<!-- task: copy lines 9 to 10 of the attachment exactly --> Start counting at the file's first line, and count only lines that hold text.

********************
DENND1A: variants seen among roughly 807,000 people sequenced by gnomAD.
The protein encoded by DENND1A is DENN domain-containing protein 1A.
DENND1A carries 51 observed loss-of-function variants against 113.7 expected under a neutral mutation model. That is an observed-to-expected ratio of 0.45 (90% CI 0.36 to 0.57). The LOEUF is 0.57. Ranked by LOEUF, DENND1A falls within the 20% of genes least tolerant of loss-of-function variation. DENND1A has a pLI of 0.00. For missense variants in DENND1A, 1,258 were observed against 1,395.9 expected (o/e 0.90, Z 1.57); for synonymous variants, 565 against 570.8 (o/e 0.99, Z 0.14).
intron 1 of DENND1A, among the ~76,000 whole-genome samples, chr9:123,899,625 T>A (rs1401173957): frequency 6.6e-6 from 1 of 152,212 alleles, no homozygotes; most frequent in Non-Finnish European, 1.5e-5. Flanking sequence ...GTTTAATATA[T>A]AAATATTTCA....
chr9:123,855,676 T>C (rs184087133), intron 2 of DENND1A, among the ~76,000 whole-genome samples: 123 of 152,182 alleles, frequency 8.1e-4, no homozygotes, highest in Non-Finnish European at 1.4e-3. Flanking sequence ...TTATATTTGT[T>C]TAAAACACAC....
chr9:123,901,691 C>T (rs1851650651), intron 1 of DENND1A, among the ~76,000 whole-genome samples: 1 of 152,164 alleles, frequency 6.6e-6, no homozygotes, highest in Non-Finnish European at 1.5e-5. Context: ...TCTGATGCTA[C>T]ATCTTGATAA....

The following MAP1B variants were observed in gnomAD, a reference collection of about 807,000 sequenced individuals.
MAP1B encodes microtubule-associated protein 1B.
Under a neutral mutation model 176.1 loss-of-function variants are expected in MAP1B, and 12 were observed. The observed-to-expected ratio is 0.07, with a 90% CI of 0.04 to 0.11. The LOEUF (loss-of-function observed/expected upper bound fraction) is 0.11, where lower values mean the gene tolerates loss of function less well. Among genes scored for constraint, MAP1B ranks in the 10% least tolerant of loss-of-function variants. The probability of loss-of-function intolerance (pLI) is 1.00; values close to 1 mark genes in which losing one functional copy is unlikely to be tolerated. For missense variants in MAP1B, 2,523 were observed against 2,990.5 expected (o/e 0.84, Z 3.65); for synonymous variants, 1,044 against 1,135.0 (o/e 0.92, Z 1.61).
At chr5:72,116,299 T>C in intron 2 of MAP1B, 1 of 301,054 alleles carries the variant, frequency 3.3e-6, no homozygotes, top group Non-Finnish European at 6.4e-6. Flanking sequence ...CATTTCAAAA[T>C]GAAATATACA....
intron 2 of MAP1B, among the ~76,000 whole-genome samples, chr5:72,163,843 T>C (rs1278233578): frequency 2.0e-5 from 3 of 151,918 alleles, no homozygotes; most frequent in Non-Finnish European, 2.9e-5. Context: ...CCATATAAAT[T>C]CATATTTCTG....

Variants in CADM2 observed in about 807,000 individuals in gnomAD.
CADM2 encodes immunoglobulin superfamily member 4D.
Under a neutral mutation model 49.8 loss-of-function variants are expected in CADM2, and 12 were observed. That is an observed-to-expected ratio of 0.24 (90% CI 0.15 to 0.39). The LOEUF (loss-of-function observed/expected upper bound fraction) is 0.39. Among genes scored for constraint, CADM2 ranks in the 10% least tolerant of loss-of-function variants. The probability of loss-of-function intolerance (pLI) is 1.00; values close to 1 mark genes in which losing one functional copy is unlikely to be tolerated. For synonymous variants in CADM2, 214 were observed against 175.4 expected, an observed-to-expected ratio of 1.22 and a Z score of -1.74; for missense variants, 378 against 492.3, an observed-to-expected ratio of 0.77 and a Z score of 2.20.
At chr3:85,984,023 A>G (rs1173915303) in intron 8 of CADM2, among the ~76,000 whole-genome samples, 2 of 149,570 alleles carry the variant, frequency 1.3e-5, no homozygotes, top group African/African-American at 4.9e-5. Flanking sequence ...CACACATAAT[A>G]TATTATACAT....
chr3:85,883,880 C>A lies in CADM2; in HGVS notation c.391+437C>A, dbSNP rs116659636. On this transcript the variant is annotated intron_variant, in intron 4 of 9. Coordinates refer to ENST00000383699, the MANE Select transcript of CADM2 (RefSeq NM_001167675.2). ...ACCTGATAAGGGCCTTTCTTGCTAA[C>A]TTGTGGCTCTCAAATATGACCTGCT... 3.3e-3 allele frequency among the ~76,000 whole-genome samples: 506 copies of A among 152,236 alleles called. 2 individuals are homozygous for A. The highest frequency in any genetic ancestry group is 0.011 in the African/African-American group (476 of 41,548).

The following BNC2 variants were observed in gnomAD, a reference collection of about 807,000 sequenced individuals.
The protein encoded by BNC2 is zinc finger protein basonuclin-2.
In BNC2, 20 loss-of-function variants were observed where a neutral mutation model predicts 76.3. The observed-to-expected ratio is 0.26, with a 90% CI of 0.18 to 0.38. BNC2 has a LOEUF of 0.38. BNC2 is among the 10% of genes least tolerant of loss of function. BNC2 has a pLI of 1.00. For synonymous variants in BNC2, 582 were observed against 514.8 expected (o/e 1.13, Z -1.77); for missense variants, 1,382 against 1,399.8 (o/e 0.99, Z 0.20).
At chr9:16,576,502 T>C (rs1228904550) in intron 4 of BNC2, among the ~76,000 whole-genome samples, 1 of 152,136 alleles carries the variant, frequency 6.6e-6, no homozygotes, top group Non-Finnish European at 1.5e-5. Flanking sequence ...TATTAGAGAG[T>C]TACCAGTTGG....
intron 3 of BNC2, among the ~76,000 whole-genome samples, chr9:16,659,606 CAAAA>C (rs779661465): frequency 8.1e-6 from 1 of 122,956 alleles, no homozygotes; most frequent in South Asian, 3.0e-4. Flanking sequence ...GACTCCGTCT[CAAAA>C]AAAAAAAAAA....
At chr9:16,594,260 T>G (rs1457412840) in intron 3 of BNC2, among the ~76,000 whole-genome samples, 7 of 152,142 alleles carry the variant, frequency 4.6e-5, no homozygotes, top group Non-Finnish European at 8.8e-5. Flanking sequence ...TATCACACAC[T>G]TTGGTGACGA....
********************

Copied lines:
Under a neutral mutation model 176.1 loss-of-function variants are expected in MAP1B, and 12 were observed. The observed-to-expected ratio is 0.07, with a 90% CI of 0.04 to 0.11. The LOEUF (loss-of-function observed/expected upper bound fraction) is 0.11, where lower values mean the gene tolerates loss of function less well. Among genes scored for constraint, MAP1B ranks in the 10% least tolerant of loss-of-function variants. The probability of loss-of-function intolerance (pLI) is 1.00; values close to 1 mark genes in which losing one functional copy is unlikely to be tolerated. For missense variants in MAP1B, 2,523 were observed against 2,990.5 expected (o/e 0.84, Z 3.65); for synonymous variants, 1,044 against 1,135.0 (o/e 0.92, Z 1.61).
At chr5:72,116,299 T>C in intron 2 of MAP1B, 1 of 301,054 alleles carries the variant, frequency 3.3e-6, no homozygotes, top group Non-Finnish European at 6.4e-6. Flanking sequence ...CATTTCAAAA[T>C]GAAATATACA....